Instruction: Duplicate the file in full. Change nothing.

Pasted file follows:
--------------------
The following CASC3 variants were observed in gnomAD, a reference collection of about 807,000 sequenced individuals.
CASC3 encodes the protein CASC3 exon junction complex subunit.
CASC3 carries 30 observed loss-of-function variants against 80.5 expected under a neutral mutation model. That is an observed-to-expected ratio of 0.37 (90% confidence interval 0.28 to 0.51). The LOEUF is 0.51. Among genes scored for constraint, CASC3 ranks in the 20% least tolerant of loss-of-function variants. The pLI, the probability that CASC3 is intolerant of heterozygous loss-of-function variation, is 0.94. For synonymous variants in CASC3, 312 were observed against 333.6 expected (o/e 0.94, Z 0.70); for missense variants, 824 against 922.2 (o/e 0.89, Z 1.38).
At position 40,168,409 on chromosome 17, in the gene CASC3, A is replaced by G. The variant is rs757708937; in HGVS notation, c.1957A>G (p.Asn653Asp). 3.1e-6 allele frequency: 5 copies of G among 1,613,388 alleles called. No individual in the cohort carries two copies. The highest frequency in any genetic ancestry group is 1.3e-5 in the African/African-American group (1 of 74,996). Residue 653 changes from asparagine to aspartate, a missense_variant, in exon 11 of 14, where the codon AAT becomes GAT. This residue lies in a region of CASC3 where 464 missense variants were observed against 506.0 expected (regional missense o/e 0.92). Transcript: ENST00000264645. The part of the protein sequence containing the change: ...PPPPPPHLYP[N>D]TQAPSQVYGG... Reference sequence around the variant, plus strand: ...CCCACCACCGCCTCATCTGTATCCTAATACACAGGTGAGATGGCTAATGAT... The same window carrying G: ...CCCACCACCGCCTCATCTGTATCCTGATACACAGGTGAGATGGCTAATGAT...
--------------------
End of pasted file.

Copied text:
The following CASC3 variants were observed in gnomAD, a reference collection of about 807,000 sequenced individuals.
CASC3 encodes the protein CASC3 exon junction complex subunit.
CASC3 carries 30 observed loss-of-function variants against 80.5 expected under a neutral mutation model. That is an observed-to-expected ratio of 0.37 (90% confidence interval 0.28 to 0.51). The LOEUF is 0.51. Among genes scored for constraint, CASC3 ranks in the 20% least tolerant of loss-of-function variants. The pLI, the probability that CASC3 is intolerant of heterozygous loss-of-function variation, is 0.94. For synonymous variants in CASC3, 312 were observed against 333.6 expected (o/e 0.94, Z 0.70); for missense variants, 824 against 922.2 (o/e 0.89, Z 1.38).
At position 40,168,409 on chromosome 17, in the gene CASC3, A is replaced by G. The variant is rs757708937; in HGVS notation, c.1957A>G (p.Asn653Asp). 3.1e-6 allele frequency: 5 copies of G among 1,613,388 alleles called. No individual in the cohort carries two copies. The highest frequency in any genetic ancestry group is 1.3e-5 in the African/African-American group (1 of 74,996). Residue 653 changes from asparagine to aspartate, a missense_variant, in exon 11 of 14, where the codon AAT becomes GAT. This residue lies in a region of CASC3 where 464 missense variants were observed against 506.0 expected (regional missense o/e 0.92). Transcript: ENST00000264645. The part of the protein sequence containing the change: ...PPPPPPHLYP[N>D]TQAPSQVYGG... Reference sequence around the variant, plus strand: ...CCCACCACCGCCTCATCTGTATCCTAATACACAGGTGAGATGGCTAATGAT... The same window carrying G: ...CCCACCACCGCCTCATCTGTATCCTGATACACAGGTGAGATGGCTAATGAT...